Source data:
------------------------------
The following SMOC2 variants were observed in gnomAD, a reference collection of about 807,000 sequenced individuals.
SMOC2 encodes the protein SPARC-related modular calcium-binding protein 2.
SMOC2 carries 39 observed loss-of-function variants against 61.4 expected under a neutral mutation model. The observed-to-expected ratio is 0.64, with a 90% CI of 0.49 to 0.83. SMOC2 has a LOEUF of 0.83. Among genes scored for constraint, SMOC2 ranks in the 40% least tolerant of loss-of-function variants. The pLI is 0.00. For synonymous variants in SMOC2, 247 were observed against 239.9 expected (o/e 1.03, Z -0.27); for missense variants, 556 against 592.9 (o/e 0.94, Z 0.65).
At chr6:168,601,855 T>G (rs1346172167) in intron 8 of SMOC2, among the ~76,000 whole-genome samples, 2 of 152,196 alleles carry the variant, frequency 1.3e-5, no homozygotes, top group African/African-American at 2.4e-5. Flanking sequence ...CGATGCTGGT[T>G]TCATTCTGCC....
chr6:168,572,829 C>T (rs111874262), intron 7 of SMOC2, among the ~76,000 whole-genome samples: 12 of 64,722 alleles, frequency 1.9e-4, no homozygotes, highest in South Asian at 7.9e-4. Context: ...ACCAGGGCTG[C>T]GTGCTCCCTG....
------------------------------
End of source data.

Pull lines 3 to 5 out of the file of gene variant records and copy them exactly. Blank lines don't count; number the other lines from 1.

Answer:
SMOC2 carries 39 observed loss-of-function variants against 61.4 expected under a neutral mutation model. The observed-to-expected ratio is 0.64, with a 90% CI of 0.49 to 0.83. SMOC2 has a LOEUF of 0.83. Among genes scored for constraint, SMOC2 ranks in the 40% least tolerant of loss-of-function variants. The pLI is 0.00. For synonymous variants in SMOC2, 247 were observed against 239.9 expected (o/e 1.03, Z -0.27); for missense variants, 556 against 592.9 (o/e 0.94, Z 0.65).
At chr6:168,601,855 T>G (rs1346172167) in intron 8 of SMOC2, among the ~76,000 whole-genome samples, 2 of 152,196 alleles carry the variant, frequency 1.3e-5, no homozygotes, top group African/African-American at 2.4e-5. Flanking sequence ...CGATGCTGGT[T>G]TCATTCTGCC....
chr6:168,572,829 C>T (rs111874262), intron 7 of SMOC2, among the ~76,000 whole-genome samples: 12 of 64,722 alleles, frequency 1.9e-4, no homozygotes, highest in South Asian at 7.9e-4. Context: ...ACCAGGGCTG[C>T]GTGCTCCCTG....